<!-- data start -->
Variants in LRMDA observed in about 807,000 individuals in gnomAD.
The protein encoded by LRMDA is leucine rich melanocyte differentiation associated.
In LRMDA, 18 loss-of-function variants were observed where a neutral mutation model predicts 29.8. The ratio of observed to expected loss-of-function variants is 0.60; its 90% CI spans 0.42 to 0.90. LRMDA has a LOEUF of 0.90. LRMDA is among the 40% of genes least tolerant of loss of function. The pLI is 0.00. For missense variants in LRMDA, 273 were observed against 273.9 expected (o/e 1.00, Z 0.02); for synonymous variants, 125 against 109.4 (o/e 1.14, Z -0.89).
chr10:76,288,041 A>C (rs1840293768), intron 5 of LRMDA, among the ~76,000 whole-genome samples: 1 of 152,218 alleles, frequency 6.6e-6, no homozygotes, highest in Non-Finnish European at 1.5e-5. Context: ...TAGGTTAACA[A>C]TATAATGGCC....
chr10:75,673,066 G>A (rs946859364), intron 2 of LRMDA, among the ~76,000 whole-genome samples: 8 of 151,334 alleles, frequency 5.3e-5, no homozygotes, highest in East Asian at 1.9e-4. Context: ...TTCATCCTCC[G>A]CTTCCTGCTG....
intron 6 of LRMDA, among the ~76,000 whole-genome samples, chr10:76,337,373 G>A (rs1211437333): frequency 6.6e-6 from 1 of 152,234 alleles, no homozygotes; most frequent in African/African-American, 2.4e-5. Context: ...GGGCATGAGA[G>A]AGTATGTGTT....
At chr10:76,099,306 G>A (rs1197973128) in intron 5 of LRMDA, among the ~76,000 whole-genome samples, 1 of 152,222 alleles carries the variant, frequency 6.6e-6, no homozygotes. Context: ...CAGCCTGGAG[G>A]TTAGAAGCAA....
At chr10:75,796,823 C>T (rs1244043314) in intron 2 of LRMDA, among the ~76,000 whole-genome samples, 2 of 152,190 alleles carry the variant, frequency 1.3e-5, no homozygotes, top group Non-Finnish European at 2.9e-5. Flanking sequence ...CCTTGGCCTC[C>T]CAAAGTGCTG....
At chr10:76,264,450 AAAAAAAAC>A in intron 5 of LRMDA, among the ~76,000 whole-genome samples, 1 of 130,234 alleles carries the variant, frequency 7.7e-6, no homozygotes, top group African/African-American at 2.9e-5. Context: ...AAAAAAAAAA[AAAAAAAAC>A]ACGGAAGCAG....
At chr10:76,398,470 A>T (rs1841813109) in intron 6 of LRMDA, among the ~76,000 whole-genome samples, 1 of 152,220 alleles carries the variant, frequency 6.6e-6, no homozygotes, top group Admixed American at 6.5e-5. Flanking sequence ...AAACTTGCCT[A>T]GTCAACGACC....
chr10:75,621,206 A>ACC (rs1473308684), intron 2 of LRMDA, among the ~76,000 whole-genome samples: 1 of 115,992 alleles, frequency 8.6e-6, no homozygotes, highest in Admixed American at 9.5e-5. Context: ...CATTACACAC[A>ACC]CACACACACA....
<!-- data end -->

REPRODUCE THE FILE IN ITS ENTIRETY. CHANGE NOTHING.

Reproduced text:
Variants in LRMDA observed in about 807,000 individuals in gnomAD.
The protein encoded by LRMDA is leucine rich melanocyte differentiation associated.
In LRMDA, 18 loss-of-function variants were observed where a neutral mutation model predicts 29.8. The ratio of observed to expected loss-of-function variants is 0.60; its 90% CI spans 0.42 to 0.90. LRMDA has a LOEUF of 0.90. LRMDA is among the 40% of genes least tolerant of loss of function. The pLI is 0.00. For missense variants in LRMDA, 273 were observed against 273.9 expected (o/e 1.00, Z 0.02); for synonymous variants, 125 against 109.4 (o/e 1.14, Z -0.89).
chr10:76,288,041 A>C (rs1840293768), intron 5 of LRMDA, among the ~76,000 whole-genome samples: 1 of 152,218 alleles, frequency 6.6e-6, no homozygotes, highest in Non-Finnish European at 1.5e-5. Context: ...TAGGTTAACA[A>C]TATAATGGCC....
chr10:75,673,066 G>A (rs946859364), intron 2 of LRMDA, among the ~76,000 whole-genome samples: 8 of 151,334 alleles, frequency 5.3e-5, no homozygotes, highest in East Asian at 1.9e-4. Context: ...TTCATCCTCC[G>A]CTTCCTGCTG....
intron 6 of LRMDA, among the ~76,000 whole-genome samples, chr10:76,337,373 G>A (rs1211437333): frequency 6.6e-6 from 1 of 152,234 alleles, no homozygotes; most frequent in African/African-American, 2.4e-5. Context: ...GGGCATGAGA[G>A]AGTATGTGTT....
At chr10:76,099,306 G>A (rs1197973128) in intron 5 of LRMDA, among the ~76,000 whole-genome samples, 1 of 152,222 alleles carries the variant, frequency 6.6e-6, no homozygotes. Context: ...CAGCCTGGAG[G>A]TTAGAAGCAA....
At chr10:75,796,823 C>T (rs1244043314) in intron 2 of LRMDA, among the ~76,000 whole-genome samples, 2 of 152,190 alleles carry the variant, frequency 1.3e-5, no homozygotes, top group Non-Finnish European at 2.9e-5. Flanking sequence ...CCTTGGCCTC[C>T]CAAAGTGCTG....
At chr10:76,264,450 AAAAAAAAC>A in intron 5 of LRMDA, among the ~76,000 whole-genome samples, 1 of 130,234 alleles carries the variant, frequency 7.7e-6, no homozygotes, top group African/African-American at 2.9e-5. Context: ...AAAAAAAAAA[AAAAAAAAC>A]ACGGAAGCAG....
At chr10:76,398,470 A>T (rs1841813109) in intron 6 of LRMDA, among the ~76,000 whole-genome samples, 1 of 152,220 alleles carries the variant, frequency 6.6e-6, no homozygotes, top group Admixed American at 6.5e-5. Flanking sequence ...AAACTTGCCT[A>T]GTCAACGACC....
chr10:75,621,206 A>ACC (rs1473308684), intron 2 of LRMDA, among the ~76,000 whole-genome samples: 1 of 115,992 alleles, frequency 8.6e-6, no homozygotes, highest in Admixed American at 9.5e-5. Context: ...CATTACACAC[A>ACC]CACACACACA....